The first was on the southern side of the village: an anonymous cube-shaped building with roll-down shutters and a shallow pitched roof. And decorated with a web of alarming cracks running up the buff-coloured walls, a victim of the earthquakes that shook the region in 2016. So he crossed that one off the list without even looking inside. The bureaucracy, time and money involved in repairing any earthquake-damaged property made it a complete non-starter.
The second forge was on the hill heading towards our place. We had both driven, walked, cycled and run past it on countless occasions but would never have imagined that behind the folding zinc doors there might be a forge. It looked very promising; it fulfilled all his criteria and even included the remains of a hearth. But it was simply way too big and consequently way too expensive. So that was that one reluctantly crossed off too.
Since then he’s ferreted out several other possibilities, and during lockdown a few more came up on the trading sites Mr Blue-Shirt subscribes to, but on closer inspection they have all turned out to be too…. something. He’s even enlisted the help of the people at the builders’ yard, the chap at the quarry, the owner of the agricultural supplies place, and the mechanic who services our car, asking them all to let him know if they hear of anyone wanting to sell a small workshop. He asked his chum Antonio too. Antonio runs the shipping company that transported Mr-Blue-Shirt’s container over from Lincolnshire and owns the good yard in which it has stood since its arrival in April last year. He’s an amiable and helpful fellow who loves to do deals – especially those that don’t involve the exchange of hard cash. So although he was originally going to charge a nominal rent for storing the container, as soon as he saw Mr Blue-Shirt’s sit-on mower, the rent was swiftly commuted to mowing the weed-strewn, two-football-pitch sized goods yard every few weeks.
These mowing sessions invariably include a coffee and a natter with Antonio, and during one such natter, it transpired that the lease on the goods yard was about to expire. Mr Blue-Shirt’s dismay soon turned to curiosity, however, as Antonio went on to explain that the new place he’d already got lined up, just a stone’s throw from his existing premises, included a warehouse with more than enough space for Mr Blue-Shirt to set up his workshop, and he was sure they could come to some arrangement…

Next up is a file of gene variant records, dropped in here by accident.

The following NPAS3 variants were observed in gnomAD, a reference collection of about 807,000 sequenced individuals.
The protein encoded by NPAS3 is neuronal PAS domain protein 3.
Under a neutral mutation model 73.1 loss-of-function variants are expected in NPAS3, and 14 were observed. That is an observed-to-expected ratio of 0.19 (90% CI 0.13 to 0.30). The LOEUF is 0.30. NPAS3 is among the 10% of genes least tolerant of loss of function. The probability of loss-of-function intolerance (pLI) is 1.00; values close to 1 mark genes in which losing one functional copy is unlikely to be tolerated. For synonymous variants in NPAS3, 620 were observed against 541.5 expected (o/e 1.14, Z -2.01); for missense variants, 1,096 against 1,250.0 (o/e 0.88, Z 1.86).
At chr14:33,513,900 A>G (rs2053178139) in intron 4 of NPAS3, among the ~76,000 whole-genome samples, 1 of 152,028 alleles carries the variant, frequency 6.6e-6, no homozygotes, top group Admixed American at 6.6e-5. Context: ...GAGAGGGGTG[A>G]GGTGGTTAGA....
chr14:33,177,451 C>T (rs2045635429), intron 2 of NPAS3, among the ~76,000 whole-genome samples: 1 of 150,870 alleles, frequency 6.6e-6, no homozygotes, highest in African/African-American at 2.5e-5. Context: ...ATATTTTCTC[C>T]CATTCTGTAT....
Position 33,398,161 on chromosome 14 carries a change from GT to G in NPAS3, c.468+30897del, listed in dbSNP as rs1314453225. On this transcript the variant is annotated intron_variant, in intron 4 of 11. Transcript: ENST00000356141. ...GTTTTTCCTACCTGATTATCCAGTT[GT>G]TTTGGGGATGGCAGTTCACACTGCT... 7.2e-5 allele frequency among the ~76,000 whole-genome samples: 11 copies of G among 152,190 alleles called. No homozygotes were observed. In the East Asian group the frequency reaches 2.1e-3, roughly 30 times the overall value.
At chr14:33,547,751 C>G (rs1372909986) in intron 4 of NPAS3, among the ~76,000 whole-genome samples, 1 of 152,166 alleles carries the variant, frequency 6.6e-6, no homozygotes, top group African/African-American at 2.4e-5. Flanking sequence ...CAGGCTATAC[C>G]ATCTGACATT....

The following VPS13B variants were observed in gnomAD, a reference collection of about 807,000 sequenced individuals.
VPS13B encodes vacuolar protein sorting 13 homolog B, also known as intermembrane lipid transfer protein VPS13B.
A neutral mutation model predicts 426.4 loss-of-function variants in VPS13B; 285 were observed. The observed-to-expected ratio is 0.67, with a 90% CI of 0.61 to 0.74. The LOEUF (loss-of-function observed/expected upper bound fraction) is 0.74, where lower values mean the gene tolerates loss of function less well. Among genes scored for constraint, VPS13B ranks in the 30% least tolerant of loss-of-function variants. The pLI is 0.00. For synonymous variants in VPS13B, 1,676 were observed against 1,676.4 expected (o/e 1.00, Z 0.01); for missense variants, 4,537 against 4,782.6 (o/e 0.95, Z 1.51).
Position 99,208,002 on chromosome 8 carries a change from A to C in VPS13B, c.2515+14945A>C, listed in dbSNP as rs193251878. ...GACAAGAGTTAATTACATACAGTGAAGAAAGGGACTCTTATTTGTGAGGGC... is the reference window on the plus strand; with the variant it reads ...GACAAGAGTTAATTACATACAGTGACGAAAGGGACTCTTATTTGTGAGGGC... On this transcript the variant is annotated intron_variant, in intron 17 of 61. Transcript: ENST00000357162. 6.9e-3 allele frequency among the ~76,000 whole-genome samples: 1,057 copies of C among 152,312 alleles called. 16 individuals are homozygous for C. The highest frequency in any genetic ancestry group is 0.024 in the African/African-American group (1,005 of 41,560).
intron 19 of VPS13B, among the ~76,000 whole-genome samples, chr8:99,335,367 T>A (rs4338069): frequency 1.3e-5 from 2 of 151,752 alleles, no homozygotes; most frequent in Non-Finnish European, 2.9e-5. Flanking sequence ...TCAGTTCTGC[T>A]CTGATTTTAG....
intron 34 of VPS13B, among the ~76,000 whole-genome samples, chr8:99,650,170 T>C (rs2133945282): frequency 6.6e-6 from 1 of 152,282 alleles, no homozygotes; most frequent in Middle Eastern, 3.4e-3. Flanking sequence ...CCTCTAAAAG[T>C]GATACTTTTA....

A few weeks later, Antonio took possession of the site, a former furniture factory that had been empty for about three years, and immediately enlisted Blue-Shirt’s help in craning all the containers (including his own) from the old yard to the new one. Since then he and Mr Blue-Shirt have been like a pair of overgrown schoolboys planning their den, deciding what each bit of space could be used for, which pieces of abandoned equipment could be coaxed back into life, what repair work would be needed – and which would be the best area to set up a forge. This turns out to be a corner of a seven-hundred and fifty square metre warehouse which, in theory, would give him practically everything he needs and more: space, power, natural light, high ceilings, a concrete floor, and sliding double doors giving access to plenty of hard standing. But it’s not quite what Mr Blue-Shirt originally had in mind and is not without its drawbacks. And Antonio has yet to set out the precise nature of the ‘arrangement’ he has in mind. So in the meantime, Mr Blue-Shirt is doing his best not to let the perfect be the enemy of the good…